After Religious Controversy, Massachusetts School Board Okays Christian Private School
The school aims to base its curriculum on that of the Accelerated Christian Education, a 50-year-old curriculum now used by over 1,000 U.S. schools.
A Massachusetts school committee has fulfilled its duty and approved the application of a private Christian school despite controversy when committee members questioned the planned school’s religious beliefs in a way that drew accusations of impermissible hostility to religion.
“We are grateful that Somerville officials recognized that the government cannot ban a religious school because they disagree with its religious beliefs,” Ryan Gardner, counsel for the Texas-based First Liberty Institute religious freedom legal group. “Because of the school board’s decision, more families will be able to provide the education they desire for their children.”
The school application to the Somerville School Committee came from Vida Real Church, whose congregation is predominantly Hispanic and immigrant. In September 2021, the church had sought approval to open a K-8 school, called the Real Life Learning Center.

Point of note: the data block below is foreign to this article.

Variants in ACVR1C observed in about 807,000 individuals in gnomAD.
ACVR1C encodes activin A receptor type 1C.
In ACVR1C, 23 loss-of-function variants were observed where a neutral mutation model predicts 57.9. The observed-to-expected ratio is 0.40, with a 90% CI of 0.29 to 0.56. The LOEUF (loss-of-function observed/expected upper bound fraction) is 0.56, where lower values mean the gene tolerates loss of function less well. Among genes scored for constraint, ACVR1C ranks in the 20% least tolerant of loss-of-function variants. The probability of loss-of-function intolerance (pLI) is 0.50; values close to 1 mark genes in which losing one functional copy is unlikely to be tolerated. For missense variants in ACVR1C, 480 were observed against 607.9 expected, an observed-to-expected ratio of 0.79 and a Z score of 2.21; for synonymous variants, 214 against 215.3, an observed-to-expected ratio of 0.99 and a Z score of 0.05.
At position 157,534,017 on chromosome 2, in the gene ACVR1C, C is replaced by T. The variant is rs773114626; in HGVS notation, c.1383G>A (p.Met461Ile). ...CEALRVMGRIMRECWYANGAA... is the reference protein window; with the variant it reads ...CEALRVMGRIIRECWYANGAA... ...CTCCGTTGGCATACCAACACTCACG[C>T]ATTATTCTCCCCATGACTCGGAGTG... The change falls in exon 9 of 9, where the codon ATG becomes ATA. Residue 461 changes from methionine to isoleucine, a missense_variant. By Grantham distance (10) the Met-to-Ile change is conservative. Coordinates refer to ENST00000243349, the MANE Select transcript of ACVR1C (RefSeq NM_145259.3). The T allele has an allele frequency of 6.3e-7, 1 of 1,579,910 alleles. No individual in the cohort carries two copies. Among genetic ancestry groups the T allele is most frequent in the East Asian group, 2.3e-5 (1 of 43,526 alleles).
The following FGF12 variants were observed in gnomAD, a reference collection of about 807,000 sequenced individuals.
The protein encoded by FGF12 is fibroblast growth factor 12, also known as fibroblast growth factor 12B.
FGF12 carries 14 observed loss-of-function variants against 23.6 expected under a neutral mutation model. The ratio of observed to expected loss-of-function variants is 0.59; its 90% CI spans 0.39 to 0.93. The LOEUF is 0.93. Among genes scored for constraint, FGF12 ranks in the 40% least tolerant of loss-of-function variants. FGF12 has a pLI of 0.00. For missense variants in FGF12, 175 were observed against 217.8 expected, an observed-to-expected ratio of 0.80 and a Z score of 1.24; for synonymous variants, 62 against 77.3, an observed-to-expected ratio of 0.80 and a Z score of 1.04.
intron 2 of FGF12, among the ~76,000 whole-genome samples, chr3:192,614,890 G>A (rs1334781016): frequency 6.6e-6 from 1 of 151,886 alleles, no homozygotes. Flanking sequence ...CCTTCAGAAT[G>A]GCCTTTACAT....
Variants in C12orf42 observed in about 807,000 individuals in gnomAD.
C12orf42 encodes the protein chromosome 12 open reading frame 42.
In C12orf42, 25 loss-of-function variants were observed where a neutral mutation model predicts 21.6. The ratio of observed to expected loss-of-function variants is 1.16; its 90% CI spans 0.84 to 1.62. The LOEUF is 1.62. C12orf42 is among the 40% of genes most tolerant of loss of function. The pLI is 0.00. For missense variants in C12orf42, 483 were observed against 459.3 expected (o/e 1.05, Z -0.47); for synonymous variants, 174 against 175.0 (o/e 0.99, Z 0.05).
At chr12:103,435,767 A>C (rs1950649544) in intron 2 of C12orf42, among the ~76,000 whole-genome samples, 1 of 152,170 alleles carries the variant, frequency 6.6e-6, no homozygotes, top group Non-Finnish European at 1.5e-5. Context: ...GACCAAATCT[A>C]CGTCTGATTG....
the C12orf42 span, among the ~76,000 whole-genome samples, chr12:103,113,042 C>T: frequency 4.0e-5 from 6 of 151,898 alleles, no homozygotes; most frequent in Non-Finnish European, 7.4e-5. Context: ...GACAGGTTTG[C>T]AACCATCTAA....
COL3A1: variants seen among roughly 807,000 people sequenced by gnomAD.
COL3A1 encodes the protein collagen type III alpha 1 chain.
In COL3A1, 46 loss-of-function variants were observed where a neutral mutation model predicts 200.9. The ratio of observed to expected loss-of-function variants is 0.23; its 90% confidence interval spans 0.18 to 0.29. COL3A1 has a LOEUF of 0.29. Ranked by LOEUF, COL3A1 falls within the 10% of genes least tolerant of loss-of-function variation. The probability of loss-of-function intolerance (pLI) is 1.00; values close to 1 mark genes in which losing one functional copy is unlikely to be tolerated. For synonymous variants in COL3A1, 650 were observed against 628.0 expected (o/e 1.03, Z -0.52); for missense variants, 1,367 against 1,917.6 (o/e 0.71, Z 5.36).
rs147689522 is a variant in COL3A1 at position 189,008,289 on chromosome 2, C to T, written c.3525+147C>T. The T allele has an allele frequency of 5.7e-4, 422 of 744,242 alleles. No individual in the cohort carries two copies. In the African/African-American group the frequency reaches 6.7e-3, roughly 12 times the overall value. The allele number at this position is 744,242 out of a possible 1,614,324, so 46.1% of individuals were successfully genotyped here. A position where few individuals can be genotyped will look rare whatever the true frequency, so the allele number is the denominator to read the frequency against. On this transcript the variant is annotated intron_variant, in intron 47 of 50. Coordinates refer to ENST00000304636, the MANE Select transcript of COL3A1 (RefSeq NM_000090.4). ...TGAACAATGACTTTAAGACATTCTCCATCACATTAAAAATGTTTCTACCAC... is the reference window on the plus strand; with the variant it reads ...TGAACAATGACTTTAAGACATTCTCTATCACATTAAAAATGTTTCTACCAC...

The school committee is an elected body that oversees the public schools. Under state law, it is tasked with the approval of private school applications.
Backers of the church’s private school effort charged that the committee wrongly delayed consideration of the application and placed obstacles to its approval. Committee members questioned the school’s ability to teach its students because of its religious beliefs, its reliance on Christian authors for its curriculum, and its beliefs about creation and evolution and sexuality were questioned, said leaders with the First Liberty Institute and the Massachusetts Family Institute in a March 30 letter to the school committee.
Somerville, northwest of Boston, has about 81,000 residents. It is the home of Tufts University.
School committee leaders rejected charges that they discriminate, according to The Daily Tufts, an independent Tufts University student newspaper.
“The Somerville Public Schools does not discriminate on the basis of religion or any other protected class,” said a statement from Andre Green, school committee chairman, and Mary Skipper, superintendent of Somerville Public Schools.
Emily Ackman, Ward 1 school committee member, said at the May 25 meeting that failure to approve the application would result in a lawsuit, “and we would lose.”